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February 24, 2015

52 Pick-Up


John Frankenheimer - 1986
KL Studio Classics BD Region A

I saw 52 Pick-Up at the time of its initial release. Among films directed by John Frankenheimer, it's a middling effort. Even though Elmore Leonard had a hand in writing the screenplay, it's not among the better adaptations of his books. There's one scene that comes close to the kind of corrosive humor found in Leonard's novels. After the combined efforts of Roy Scheider and Ann-Margret disarm would be murderer Clarence Williams III, Scheider offers Williams a bandage for his bruised nose. In retrospect, what we have is Frankenheimer's best film in what turned out to be a lousy decade.

The basic plot involves the attempt by a disparate trio to blackmail industrialist Harry Mitchell with videotape of his rendezvous with a young "model". Mitchell tries to avoid revealing anything to his wife, Barbara. When the stakes are raised with Mitchell to be framed for murder, he come up with a plan to turn the blackmailers against each other for the coveted loot.


Throughout a good part of the film, Frankenheimer keeps the camera moving on his characters. The effect is that it there is no other choice but to move forward. One of the rare times that there are static shots is during scenes of emotional intimacy between Scheider and Ann-Margret. Much of the film also takes place in shadowy areas, emphasizing the morally ambiguous behavior that Scheider and Ann-Margret fall into when dealing with the blackmailers. The only scenes in clear open light are in the first and final scenes, establishing and re-establishing the relationship between Harry and Barbara.

Where the film works best is in diving into the seedy side on Los Angeles in the mid 1980s. One of the blackmailers, Leo, operates a joint where customers can take photographs of the available nude models with polaroid camera. Alan manages a porn theater, and shoots movies on videotape on the side. It is suggested that the murderous Bobby Shy has worked as a pimp. There is one scene at a party featuring several porn stars including the ubiquitous Ron Jeremy, Amber Lynn, and Sharon Mitchell.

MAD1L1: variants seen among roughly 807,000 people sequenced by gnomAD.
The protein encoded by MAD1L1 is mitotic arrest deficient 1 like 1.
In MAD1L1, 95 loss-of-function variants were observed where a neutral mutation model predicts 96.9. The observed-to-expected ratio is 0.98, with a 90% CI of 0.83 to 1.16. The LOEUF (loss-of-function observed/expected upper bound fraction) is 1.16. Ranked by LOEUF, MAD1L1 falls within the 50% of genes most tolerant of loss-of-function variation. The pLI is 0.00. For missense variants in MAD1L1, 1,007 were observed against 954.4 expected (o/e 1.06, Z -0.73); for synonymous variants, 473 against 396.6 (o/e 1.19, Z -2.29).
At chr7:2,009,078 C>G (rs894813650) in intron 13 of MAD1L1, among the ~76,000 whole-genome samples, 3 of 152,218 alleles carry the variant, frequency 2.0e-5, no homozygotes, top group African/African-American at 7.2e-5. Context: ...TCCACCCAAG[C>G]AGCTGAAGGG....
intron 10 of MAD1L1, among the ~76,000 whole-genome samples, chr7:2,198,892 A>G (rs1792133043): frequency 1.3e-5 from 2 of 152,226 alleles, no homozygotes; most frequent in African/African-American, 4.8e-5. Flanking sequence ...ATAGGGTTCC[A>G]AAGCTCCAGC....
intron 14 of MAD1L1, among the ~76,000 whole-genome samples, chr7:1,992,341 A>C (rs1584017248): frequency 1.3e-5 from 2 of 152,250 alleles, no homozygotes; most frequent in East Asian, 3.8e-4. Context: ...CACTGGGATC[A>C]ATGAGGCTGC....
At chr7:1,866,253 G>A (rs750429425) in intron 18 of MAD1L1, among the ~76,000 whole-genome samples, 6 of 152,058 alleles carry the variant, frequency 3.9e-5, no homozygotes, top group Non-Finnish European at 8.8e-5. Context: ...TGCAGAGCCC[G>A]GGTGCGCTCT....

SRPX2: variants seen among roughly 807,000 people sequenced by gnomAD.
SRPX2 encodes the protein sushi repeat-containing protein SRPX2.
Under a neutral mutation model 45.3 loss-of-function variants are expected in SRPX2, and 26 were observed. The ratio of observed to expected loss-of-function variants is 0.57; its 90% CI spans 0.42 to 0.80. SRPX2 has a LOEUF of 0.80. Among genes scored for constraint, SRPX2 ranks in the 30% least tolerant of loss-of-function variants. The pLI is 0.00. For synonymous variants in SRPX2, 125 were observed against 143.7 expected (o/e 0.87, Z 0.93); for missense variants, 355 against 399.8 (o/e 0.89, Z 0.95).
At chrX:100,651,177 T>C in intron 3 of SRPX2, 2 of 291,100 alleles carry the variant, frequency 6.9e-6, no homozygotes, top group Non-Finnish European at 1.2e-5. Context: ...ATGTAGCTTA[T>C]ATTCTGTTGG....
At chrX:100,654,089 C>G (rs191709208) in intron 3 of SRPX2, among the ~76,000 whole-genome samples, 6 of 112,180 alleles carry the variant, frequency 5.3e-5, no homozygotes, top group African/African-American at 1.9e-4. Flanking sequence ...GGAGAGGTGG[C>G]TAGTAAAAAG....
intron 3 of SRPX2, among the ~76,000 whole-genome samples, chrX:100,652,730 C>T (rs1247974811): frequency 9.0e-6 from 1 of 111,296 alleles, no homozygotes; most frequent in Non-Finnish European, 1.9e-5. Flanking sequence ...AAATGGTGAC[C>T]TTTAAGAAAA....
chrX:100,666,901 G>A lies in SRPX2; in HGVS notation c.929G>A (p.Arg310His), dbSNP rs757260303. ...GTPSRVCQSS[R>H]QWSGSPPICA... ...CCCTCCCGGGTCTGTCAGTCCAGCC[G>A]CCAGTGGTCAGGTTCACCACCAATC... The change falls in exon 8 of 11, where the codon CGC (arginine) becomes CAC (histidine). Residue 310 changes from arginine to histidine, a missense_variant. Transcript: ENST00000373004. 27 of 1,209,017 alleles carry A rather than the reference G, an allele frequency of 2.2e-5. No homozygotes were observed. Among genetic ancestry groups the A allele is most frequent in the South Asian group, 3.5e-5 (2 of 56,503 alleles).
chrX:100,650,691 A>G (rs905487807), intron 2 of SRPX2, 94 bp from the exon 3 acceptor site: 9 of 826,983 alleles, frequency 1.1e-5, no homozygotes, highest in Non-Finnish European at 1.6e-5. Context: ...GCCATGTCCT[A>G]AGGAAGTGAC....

The other reason to take a look, or revisit, is for John Glover's performance as Alan, the lead blackmailer. To describe Alan as oily or sleazy is inadequate. Elmore Leonard's bad guys are usually the most entertaining characters in his novels. Alan is smart enough to read and understand accounting ledgers, but his garish bachelor pad with the ceiling mirror is indicative of someone with no distinction between his professional life and personal proclivities, and unsurprisingly, his greed gets the better of him.

And I hope the performer known as Vanity is happy where ever she is. Her moment of stardom was brief, but the actress introduced to many of us, strutting around in music videos usually wearing suggestive lingerie, was one gorgeous enough to induce me to spend my money on otherwise forgettable Action Jackson and the wondrously dopey The Last Dragon.


Posted by peter at February 24, 2015 06:34 AM